Judges have the power to reduce a jury's verdict in an injury case but it is one that is rarely employed. A defendant's effort to get a jury verdict of $275,000 in a car accident case reduced was recently addressed by the Court of Common Pleas of Buck County.

In Bartolewska v. Plappert (C.P. Bucks, August 12, 2010), Judge Baldi refused to reduce a jury's verdict of $275,000 in damages given to a woman injured in a rear end accident. The plaintiff was injured when struck from behind and her doctors testified that her injuries would continue to cause her pain and suffering in the future. She had $6,400 in unpaid medical bills and no lost wages.

The jury awarded the plaintiff $275,000 for past and future pain and suffering. After the verdict, the defendant tried to get the trial judge to reduce the verdict via a mechanism known as "remittitur." Remittitur allows trial judges to reduce verdicts that are shockingly excessive and against the weight of the evidence.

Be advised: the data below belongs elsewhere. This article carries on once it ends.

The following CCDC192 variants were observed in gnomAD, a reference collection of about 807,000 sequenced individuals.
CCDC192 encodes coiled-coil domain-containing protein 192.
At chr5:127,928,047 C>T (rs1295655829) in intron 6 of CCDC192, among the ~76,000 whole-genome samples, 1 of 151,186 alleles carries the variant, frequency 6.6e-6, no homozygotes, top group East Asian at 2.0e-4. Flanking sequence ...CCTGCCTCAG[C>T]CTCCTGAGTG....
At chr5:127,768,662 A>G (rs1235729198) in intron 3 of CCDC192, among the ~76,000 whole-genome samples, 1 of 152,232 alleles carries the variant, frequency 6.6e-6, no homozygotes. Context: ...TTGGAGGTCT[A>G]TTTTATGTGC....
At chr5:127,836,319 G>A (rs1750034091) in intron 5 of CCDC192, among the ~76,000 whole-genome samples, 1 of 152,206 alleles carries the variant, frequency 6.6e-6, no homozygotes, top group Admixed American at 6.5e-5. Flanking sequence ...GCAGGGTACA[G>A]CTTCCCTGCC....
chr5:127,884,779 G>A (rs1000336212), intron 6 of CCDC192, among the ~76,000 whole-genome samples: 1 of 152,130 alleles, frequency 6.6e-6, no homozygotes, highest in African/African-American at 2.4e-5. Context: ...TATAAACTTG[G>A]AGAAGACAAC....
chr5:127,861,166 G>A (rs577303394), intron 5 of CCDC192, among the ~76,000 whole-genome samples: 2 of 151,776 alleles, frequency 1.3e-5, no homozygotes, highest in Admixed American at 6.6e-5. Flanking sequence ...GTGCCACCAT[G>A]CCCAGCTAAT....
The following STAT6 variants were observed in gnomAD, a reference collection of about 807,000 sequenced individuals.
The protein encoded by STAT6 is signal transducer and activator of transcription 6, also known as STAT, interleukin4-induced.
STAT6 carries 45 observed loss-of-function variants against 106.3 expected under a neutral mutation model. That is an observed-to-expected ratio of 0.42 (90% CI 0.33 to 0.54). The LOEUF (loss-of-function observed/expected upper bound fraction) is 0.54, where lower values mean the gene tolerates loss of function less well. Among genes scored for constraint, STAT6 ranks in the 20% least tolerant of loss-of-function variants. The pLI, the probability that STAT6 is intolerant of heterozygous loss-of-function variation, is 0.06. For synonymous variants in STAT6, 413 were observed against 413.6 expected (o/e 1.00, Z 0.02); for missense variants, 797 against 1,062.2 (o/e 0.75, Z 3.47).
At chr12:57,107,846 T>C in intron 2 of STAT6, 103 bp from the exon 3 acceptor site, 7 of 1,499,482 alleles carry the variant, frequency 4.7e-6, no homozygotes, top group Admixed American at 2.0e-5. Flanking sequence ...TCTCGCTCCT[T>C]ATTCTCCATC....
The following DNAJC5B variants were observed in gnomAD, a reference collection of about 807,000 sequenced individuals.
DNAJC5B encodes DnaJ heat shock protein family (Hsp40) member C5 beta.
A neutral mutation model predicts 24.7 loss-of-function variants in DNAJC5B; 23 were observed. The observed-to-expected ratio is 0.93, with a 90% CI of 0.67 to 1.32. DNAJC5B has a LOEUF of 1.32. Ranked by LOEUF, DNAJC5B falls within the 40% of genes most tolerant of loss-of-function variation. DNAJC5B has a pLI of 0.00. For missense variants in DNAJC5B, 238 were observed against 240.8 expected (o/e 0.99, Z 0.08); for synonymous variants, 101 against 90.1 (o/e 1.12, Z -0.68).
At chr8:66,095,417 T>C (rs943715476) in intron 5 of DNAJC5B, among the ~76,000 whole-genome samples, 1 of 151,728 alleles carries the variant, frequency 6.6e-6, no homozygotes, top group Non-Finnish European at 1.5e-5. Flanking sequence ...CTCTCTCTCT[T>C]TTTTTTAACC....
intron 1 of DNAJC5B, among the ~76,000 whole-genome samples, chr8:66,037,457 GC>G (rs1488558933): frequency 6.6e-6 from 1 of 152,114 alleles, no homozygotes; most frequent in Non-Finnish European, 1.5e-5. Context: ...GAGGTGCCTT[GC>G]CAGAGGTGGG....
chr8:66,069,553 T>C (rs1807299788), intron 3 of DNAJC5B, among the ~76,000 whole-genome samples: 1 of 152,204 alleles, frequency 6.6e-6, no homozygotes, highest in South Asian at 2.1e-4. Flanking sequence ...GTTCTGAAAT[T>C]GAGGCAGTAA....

The trial judge in Bartolewska noted the doctors' testimony that plaintiffs injuries would continue in the future and ruled against the remittitur request.

As Erie lawyers who have tried many car accident cases, we can attest that remittitur is a remedy that is rarely employed by judges. It's also interesting to note that insurance companies and their lawyers are quick to oppose any effort to increase a jury's verdict and that such efforts are similarly rarely successful.